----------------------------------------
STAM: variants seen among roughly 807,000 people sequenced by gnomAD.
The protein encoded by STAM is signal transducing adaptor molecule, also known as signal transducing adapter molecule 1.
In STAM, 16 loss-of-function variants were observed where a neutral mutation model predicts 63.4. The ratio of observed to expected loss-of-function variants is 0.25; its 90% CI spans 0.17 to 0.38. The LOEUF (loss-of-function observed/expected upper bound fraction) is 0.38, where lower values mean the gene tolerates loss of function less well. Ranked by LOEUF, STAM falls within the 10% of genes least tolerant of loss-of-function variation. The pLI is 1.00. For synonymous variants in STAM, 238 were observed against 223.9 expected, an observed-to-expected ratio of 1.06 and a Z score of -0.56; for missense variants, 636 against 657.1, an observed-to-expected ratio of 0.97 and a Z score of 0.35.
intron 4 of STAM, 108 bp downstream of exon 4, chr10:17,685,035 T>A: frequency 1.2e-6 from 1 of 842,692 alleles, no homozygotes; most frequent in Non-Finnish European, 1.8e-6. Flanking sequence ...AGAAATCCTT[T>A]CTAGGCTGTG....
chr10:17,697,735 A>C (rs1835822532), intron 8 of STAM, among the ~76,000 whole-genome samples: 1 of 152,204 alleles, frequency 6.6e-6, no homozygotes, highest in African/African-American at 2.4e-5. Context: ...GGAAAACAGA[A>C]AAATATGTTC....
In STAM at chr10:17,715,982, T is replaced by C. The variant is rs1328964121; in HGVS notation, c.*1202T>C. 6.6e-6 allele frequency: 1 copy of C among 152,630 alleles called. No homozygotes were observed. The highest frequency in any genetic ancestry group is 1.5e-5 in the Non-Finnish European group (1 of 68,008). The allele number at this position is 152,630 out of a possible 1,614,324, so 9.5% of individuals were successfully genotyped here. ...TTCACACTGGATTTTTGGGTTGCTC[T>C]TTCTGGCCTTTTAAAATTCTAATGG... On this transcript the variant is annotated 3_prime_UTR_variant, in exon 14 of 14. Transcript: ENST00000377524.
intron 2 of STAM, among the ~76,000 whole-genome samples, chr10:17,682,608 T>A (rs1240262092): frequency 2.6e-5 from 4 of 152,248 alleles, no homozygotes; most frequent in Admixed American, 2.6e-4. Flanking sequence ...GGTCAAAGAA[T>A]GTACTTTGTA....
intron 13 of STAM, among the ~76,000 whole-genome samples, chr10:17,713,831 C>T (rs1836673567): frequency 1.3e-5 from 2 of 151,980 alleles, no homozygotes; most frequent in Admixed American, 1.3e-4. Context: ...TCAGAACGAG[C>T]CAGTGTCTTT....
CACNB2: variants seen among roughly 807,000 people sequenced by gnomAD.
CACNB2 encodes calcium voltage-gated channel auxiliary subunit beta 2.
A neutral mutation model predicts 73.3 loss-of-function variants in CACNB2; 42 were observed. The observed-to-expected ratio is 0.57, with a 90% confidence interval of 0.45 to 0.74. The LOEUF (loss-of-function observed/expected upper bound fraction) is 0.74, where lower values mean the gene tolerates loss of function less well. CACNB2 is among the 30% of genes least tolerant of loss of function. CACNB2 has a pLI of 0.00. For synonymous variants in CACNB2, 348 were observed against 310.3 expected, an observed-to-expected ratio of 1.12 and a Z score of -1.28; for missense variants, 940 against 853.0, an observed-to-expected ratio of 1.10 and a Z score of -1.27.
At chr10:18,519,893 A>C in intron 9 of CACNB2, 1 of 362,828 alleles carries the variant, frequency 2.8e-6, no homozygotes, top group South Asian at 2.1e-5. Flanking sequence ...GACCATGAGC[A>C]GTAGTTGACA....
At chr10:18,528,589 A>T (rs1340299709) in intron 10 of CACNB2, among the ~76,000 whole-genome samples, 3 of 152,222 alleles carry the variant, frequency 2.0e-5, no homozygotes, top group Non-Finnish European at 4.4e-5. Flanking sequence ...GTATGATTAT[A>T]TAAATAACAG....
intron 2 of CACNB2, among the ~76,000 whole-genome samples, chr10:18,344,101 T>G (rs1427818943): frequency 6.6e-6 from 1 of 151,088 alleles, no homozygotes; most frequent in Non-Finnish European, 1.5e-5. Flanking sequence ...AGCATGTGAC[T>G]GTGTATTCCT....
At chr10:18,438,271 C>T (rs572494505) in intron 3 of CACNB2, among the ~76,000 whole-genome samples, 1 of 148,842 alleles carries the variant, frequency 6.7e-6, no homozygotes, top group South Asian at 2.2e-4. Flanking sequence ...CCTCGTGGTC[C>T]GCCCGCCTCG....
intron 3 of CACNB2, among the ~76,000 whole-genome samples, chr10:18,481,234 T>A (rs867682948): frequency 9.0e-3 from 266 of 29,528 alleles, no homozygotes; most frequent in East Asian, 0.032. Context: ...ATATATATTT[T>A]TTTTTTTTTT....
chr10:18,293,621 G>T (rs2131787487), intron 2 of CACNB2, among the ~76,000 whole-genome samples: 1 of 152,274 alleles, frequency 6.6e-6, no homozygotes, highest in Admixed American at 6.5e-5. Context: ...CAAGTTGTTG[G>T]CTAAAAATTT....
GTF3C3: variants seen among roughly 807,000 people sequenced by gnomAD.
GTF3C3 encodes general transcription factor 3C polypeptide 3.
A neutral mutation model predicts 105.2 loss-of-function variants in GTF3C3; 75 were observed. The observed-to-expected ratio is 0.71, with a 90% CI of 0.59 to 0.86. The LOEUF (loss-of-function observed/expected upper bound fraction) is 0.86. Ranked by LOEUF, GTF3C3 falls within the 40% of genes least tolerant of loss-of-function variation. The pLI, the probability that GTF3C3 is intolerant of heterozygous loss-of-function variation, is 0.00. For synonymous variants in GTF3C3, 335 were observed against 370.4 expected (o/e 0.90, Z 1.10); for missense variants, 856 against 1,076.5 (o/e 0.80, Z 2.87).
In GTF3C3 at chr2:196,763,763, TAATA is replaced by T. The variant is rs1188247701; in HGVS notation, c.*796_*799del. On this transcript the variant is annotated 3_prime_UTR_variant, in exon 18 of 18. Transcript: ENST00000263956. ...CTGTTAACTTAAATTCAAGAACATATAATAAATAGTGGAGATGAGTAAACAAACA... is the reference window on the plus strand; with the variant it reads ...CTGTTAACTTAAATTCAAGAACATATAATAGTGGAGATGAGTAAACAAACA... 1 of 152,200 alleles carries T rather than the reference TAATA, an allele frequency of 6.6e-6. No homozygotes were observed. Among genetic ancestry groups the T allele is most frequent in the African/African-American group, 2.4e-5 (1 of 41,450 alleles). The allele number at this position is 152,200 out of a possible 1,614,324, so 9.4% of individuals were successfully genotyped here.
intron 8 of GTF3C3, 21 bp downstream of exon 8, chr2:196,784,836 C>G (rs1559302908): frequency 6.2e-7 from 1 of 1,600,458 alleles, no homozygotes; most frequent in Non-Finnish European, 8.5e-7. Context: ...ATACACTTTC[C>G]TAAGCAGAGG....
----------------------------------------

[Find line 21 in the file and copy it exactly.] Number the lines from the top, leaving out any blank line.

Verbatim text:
In GTF3C3 at chr2:196,763,763, TAATA is replaced by T. The variant is rs1188247701; in HGVS notation, c.*796_*799del. On this transcript the variant is annotated 3_prime_UTR_variant, in exon 18 of 18. Transcript: ENST00000263956. ...CTGTTAACTTAAATTCAAGAACATATAATAAATAGTGGAGATGAGTAAACAAACA... is the reference window on the plus strand; with the variant it reads ...CTGTTAACTTAAATTCAAGAACATATAATAGTGGAGATGAGTAAACAAACA... 1 of 152,200 alleles carries T rather than the reference TAATA, an allele frequency of 6.6e-6. No homozygotes were observed. Among genetic ancestry groups the T allele is most frequent in the African/African-American group, 2.4e-5 (1 of 41,450 alleles). The allele number at this position is 152,200 out of a possible 1,614,324, so 9.4% of individuals were successfully genotyped here.